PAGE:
I don't like the term 'T3 pooling in the blood, not entering the cells' as it is scientific nonsense. The T3 is clearly entering the cells because it enters the pituitary cells and suppresses your TSH. It is possible that T3 is not binding to receptors in peripheral tissues but I don't see how this could come on over what is a relatively short period. This is an academic point but if we accept the T3 pooling nonsense the danger is that we then design a treatment based on a false premise and get things wrong. It's good enough to say you have high fT3 levels but you don't seem to respond to it. Unfortunately some alternative doctors put forward theories like T3 pooling without there being any evidence to support it.

So, what is my alternative? Slow-release T3?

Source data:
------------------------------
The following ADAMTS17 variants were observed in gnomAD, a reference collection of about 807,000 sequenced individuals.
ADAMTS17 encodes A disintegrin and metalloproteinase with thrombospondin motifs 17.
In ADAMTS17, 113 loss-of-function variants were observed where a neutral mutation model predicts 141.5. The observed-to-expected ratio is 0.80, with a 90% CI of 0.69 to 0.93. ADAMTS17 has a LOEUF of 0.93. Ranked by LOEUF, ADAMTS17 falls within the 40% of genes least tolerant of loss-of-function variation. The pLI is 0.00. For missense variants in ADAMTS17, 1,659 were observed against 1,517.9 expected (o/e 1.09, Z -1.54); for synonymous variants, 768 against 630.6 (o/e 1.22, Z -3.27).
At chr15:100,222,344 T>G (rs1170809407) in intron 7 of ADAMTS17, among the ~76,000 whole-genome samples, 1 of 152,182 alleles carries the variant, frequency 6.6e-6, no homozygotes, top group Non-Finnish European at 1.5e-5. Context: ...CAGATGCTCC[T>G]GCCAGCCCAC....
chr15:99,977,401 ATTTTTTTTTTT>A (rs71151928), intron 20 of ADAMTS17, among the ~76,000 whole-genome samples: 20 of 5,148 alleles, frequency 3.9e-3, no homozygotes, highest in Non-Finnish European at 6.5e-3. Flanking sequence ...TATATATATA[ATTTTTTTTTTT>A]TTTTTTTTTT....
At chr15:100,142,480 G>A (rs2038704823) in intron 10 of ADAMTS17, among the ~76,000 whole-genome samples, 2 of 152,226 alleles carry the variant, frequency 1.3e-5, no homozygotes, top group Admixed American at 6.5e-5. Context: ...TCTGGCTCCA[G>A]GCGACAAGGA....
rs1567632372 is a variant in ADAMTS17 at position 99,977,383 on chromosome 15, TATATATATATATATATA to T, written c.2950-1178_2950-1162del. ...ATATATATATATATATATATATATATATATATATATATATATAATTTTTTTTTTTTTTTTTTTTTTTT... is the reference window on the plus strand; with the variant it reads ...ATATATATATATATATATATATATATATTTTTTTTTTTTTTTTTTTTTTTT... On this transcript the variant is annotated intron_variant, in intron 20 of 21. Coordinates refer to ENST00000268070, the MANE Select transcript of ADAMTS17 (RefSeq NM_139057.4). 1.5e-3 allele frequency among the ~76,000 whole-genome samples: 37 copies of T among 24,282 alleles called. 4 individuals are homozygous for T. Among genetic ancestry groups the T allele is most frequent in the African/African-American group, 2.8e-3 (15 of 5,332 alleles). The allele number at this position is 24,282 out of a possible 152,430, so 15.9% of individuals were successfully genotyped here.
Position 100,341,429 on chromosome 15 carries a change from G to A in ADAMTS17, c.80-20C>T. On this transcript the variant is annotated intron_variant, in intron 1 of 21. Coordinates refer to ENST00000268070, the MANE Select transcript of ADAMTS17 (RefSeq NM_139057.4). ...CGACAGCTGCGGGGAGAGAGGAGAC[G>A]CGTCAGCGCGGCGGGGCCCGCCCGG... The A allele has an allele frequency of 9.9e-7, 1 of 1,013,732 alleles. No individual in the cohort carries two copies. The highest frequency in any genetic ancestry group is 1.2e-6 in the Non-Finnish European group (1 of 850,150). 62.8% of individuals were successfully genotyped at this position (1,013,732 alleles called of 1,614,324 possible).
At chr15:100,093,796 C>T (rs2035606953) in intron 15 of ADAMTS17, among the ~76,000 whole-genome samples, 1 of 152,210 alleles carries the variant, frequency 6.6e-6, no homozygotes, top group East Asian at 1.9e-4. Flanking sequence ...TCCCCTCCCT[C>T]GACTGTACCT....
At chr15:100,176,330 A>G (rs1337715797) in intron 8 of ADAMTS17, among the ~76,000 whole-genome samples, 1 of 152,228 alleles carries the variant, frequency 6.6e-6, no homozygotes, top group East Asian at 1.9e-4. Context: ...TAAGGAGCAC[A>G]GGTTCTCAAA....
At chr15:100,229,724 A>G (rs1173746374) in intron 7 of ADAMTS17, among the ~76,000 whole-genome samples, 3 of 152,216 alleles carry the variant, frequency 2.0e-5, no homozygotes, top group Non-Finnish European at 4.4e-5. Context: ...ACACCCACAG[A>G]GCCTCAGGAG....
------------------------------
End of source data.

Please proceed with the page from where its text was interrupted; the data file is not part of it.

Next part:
I cannot tolerate T3 but it may turn out to be my alternative. I cannot get better with T4 only and with T4+T3.

I am afraid to try NDT and T3 because of a rT3 problem.

The pituitary tissues do not have a deiodinase necessary for the conversion of T4 to rT3. Maybe that is why TSH is so sensitive to a small amount of T4 and T3.

It seems to me that at one and the same T3 dose certain cells of certain organs in our body can be hypothyroid while others requiring less amount of T3 to saturate them, can be fine, euthyroid.

My blood was taken 21 hours after a T3 dose.

Interestingly enough, most people report tolerating T3 much more after the so-called T4 and/or rT3 clearance.

I seem to be the opposite.

Type 1 deidinase is primarily in the liver, so rT3 is in the blood and picked up by the pituitary, heart, brain etc. I'm sure there can be different tissue responses to thyroid hormones. After 21 hours your TSH and fT3 figures will underestimate your average levels. I'm not sure you have a substantial thyroid problem, but I've no idea what the problem is.